Working open is not only in Mozilla’s DNA but leads to huge benefits for the project more broadly. While Mozilla has hundreds of paid contributors, they have tens of thousands of volunteer contributors — all working together to keep the web open and as a platform for innovation. Working open means Mozilla can draw on talent no matter where in the world someone happens to live. It means people with what Clay Shirky would call cognitive surplus can contribute as much or as little free time and labour to projects as they wish. Importantly, it also leads to a level of trust that users can have in Mozilla’s products. Not only can they inspect the source code used to build the product, but actually participate in discussions about its development.
One of the things we get asked about all the time, whether from artists, community groups or bigger organisations is how to develop apps for mobile.
Usually the answer has to be ‘pay someone to do it’ – even though this can be an expensive process.
There are some do it yourself options – the App Inventor for Android from MIT springs to mind – but it’s fair I think to say that they still aren’t terribly easy to use, and of course in the case of App Inventor, your projects will only work on the Android platform.
Mozilla – the cool folks behind the Firefox web browser amongst other great projects – might just have another option in the works. It’s part of their development of FireFox OS, a competitor to Apple’s iOS, Google’s Android and Microsoft’s Windows Phone. In other words, a smartphone operating system.
The unique thing about FireFox OS is it’s use of web apps rather than native apps. What this means is that instead of having apps that are written specifically for one platform, whether that be iOS or Android or whatever, these apps work through the web, and so can be accessed on any device.
This also means that no one company can control what apps you decide to put on your phone or tablet – as they are all accessed via the web, the user is completely in control.
Mozilla is also aiming this work at emerging markets – in other words, they aren’t necessarily out to steal Apple’s crown. Instead they want to bring the power of mobile computing to those areas of the world where tradition feature phones dominate.
One early example of this endeavour is the ZTE Open, a phone running FireFox OS. You can buy one, completely unlocked, here on ebay for just £60. I have one, and it’s fair to say it won’t be impacting on sales of the iPhone 5s any time soon. It’s closer to the low range Android phones, such as the Samsung Galaxy Ace range. However, as a cheap, effective and open entry point to smartphones, it’s an interesting device and it will be fascinating to watch how other manufacturers decide to use Firefox OS.
So, how to make apps for this environment? Mozilla is working on that too, with Appmaker. This is at a very early stage in its development, but you can have a play with it. It gives you a drag and drop style interface to build web apps, and seems really easy to use, and could put the power of app development into the hands of pretty much anyone.
Of course, tools like this make developing apps easy, but I suspect developing great apps is still just as hard!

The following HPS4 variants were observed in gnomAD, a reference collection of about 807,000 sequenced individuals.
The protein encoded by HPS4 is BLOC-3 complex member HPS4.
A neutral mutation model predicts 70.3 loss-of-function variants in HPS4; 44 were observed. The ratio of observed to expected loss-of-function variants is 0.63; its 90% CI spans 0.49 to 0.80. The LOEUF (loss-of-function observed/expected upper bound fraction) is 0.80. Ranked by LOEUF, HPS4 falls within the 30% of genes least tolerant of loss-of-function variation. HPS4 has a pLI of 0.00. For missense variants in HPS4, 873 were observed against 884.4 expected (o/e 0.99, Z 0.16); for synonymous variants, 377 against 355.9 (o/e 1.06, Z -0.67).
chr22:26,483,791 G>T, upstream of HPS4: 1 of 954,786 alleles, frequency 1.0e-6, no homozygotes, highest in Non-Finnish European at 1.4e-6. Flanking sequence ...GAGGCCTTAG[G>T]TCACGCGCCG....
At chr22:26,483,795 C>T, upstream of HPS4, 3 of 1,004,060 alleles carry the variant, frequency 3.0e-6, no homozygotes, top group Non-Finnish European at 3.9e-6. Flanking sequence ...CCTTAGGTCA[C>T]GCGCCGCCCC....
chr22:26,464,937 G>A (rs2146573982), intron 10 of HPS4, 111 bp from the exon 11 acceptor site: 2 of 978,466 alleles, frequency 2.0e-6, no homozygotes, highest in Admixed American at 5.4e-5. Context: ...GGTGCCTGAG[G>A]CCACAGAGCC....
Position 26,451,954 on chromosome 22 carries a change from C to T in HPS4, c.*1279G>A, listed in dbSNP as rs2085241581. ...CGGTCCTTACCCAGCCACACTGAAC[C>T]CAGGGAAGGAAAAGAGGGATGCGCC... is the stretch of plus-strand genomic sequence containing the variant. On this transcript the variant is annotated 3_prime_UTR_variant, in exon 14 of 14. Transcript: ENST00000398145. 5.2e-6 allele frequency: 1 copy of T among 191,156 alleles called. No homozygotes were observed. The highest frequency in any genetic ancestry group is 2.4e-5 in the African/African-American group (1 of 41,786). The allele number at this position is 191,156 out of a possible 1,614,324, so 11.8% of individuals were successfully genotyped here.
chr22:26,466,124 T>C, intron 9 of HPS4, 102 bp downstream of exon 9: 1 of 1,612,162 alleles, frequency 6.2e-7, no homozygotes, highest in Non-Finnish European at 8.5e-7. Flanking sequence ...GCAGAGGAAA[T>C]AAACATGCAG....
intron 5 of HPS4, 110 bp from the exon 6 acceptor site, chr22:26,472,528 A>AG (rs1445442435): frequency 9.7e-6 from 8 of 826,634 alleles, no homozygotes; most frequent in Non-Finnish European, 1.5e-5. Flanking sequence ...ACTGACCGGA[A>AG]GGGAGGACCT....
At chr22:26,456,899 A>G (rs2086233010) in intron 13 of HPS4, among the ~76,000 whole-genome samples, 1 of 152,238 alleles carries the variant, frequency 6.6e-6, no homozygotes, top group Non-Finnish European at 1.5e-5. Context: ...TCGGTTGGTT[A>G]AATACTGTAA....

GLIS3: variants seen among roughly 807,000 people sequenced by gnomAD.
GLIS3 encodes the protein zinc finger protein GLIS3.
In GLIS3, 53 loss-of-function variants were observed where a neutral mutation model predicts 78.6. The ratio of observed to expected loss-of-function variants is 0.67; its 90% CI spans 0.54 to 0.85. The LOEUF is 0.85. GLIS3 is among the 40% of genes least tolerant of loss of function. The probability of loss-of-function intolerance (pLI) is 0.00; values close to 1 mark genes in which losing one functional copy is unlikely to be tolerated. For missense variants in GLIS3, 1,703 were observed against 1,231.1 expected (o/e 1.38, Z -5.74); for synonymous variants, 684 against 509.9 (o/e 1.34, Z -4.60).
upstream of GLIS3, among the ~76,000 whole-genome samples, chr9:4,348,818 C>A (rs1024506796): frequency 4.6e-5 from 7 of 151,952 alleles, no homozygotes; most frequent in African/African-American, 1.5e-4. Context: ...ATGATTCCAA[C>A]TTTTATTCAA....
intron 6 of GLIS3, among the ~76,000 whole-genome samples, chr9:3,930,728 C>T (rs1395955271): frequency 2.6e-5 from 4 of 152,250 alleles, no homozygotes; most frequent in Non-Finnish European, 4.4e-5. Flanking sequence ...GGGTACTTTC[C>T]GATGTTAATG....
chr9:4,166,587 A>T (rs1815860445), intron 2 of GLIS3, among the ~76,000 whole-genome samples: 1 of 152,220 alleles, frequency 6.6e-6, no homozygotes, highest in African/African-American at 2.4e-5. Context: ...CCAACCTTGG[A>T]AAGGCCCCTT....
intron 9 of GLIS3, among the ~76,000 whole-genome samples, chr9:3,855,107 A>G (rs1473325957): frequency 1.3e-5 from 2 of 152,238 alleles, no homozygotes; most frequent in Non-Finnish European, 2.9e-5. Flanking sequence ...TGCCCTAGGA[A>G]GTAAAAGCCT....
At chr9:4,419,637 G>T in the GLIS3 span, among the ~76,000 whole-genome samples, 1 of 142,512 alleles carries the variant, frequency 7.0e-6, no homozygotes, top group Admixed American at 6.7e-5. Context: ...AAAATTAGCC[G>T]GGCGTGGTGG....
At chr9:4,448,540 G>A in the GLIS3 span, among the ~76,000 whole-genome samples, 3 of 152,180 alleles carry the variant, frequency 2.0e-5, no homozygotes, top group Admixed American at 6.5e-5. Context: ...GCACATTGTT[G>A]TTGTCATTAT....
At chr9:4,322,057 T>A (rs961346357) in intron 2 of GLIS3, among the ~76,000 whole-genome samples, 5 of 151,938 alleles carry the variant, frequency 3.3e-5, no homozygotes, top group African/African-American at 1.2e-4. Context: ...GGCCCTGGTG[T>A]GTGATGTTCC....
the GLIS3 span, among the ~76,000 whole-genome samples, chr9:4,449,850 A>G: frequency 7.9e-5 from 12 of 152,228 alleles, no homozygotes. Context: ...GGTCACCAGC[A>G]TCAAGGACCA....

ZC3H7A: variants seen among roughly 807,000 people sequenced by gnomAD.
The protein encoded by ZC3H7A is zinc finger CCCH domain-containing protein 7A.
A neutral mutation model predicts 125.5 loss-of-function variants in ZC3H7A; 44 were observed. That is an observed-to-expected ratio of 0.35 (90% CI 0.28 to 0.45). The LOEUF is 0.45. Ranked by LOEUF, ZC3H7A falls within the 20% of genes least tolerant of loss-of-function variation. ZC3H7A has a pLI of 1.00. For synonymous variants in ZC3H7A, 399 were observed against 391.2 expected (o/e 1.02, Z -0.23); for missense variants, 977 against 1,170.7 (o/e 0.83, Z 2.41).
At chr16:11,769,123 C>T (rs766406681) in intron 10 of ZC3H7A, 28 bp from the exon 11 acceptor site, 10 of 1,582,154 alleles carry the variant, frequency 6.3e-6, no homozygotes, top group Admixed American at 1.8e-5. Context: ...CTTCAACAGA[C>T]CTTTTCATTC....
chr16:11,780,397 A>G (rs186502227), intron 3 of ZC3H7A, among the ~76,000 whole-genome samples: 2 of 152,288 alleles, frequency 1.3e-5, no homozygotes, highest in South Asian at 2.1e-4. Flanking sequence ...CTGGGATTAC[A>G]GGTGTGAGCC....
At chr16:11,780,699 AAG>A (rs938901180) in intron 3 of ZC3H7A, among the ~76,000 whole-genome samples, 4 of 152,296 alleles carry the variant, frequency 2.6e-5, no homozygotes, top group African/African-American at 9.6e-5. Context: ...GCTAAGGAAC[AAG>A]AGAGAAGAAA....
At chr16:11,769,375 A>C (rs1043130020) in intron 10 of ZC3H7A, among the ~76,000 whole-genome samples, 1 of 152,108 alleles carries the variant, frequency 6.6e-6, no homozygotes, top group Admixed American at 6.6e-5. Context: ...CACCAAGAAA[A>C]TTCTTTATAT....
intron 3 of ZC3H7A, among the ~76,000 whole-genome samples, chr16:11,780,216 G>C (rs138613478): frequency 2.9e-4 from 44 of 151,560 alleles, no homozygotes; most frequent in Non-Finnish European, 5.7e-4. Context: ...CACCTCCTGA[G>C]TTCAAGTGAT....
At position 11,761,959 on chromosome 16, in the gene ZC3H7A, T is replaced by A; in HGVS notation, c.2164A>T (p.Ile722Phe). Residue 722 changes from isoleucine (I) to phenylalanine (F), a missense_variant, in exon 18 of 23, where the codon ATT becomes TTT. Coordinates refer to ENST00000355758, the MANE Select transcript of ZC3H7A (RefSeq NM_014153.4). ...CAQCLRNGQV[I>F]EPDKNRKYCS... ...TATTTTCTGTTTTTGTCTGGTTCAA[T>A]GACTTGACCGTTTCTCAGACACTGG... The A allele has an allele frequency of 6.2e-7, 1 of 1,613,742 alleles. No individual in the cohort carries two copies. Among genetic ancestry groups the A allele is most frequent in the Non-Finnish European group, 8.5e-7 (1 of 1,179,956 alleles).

LGSearch is a search engine for the UK public sector that I developed quite a while ago. It’s built on Google Custom Search, and isn’t particularly clever, but is rather useful.
Anyway, inspired by Simon’s recent efforts on behalf of DirectGov, I thought I would make it easy for Firefox and Internet Explorer 7 users to add LGSearch to the list of search engines they can access from within their browsers.
Simply click here to install LGSearch, or visit this page to find out more about it.
President-elect Obama has made a very clear commitment to changing the way government works with its citizens. To this end, we offer these three principles to guide the transition in its objective to build upon the very best of the Internet to produce the very best for government.
Those three principles are:
No Legal Barrier to Sharing
No Technological Barrier to Sharing
There’s also a video explaining things a bit more:
It will be interesting to follow this one, and see what influence it might have.
The search box on the FireFox toolbar is a pretty useful thing, giving you quick access to various search engines and other sites, like Amazon, eBay and Wikipedia. It’s based on a Mozilla project called Mycroft (that being the name of Sherlock Holmes’ brother) and if you have a browse around, you’ll find plugins to enable you to search loads of different sites using that single box on your browser.
Well, I found out today just how damn easy it is to make one of these for yourself. You don’t even need to know any XML – the format used to code the plugins – just fill a form in on the Mycroft site. I did this to create a search box for DavePress, which you can install by visiting this page.
The form is simplicity itself to complete, with only one tricky field, which is where you specify the URL to use when carrying out searches. Here’s a tip for WordPress users, you need to input:
For a less-than-five minute job, you’d be mad not to. Might be a useful thing for local councils, government departments etc to do to make their stuff that bit more simple to find.